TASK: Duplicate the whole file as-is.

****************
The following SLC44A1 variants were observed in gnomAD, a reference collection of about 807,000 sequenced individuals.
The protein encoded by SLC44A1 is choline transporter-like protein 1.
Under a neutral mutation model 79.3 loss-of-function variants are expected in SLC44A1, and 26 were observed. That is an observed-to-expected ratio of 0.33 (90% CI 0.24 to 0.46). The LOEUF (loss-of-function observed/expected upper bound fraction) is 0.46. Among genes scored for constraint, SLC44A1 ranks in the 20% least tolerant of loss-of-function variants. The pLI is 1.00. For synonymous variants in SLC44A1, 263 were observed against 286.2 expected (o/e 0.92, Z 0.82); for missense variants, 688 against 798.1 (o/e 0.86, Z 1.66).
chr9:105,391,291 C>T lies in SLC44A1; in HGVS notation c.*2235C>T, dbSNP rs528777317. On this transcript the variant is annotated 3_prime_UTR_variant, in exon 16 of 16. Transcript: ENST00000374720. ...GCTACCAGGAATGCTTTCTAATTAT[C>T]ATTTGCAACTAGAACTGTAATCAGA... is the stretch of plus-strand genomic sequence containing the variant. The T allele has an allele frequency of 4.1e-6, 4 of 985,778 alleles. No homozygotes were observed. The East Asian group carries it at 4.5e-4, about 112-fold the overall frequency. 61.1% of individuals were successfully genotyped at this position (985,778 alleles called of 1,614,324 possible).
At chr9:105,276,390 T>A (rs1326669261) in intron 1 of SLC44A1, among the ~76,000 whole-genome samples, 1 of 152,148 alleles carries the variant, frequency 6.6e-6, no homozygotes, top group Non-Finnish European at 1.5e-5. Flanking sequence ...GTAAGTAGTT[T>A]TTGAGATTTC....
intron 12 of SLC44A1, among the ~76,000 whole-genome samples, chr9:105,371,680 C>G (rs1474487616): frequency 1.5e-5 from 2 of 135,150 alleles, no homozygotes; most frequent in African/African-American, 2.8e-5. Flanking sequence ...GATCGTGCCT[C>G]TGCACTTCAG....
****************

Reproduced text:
The following SLC44A1 variants were observed in gnomAD, a reference collection of about 807,000 sequenced individuals.
The protein encoded by SLC44A1 is choline transporter-like protein 1.
Under a neutral mutation model 79.3 loss-of-function variants are expected in SLC44A1, and 26 were observed. That is an observed-to-expected ratio of 0.33 (90% CI 0.24 to 0.46). The LOEUF (loss-of-function observed/expected upper bound fraction) is 0.46. Among genes scored for constraint, SLC44A1 ranks in the 20% least tolerant of loss-of-function variants. The pLI is 1.00. For synonymous variants in SLC44A1, 263 were observed against 286.2 expected (o/e 0.92, Z 0.82); for missense variants, 688 against 798.1 (o/e 0.86, Z 1.66).
chr9:105,391,291 C>T lies in SLC44A1; in HGVS notation c.*2235C>T, dbSNP rs528777317. On this transcript the variant is annotated 3_prime_UTR_variant, in exon 16 of 16. Transcript: ENST00000374720. ...GCTACCAGGAATGCTTTCTAATTAT[C>T]ATTTGCAACTAGAACTGTAATCAGA... is the stretch of plus-strand genomic sequence containing the variant. The T allele has an allele frequency of 4.1e-6, 4 of 985,778 alleles. No homozygotes were observed. The East Asian group carries it at 4.5e-4, about 112-fold the overall frequency. 61.1% of individuals were successfully genotyped at this position (985,778 alleles called of 1,614,324 possible).
At chr9:105,276,390 T>A (rs1326669261) in intron 1 of SLC44A1, among the ~76,000 whole-genome samples, 1 of 152,148 alleles carries the variant, frequency 6.6e-6, no homozygotes, top group Non-Finnish European at 1.5e-5. Flanking sequence ...GTAAGTAGTT[T>A]TTGAGATTTC....
intron 12 of SLC44A1, among the ~76,000 whole-genome samples, chr9:105,371,680 C>G (rs1474487616): frequency 1.5e-5 from 2 of 135,150 alleles, no homozygotes; most frequent in African/African-American, 2.8e-5. Flanking sequence ...GATCGTGCCT[C>G]TGCACTTCAG....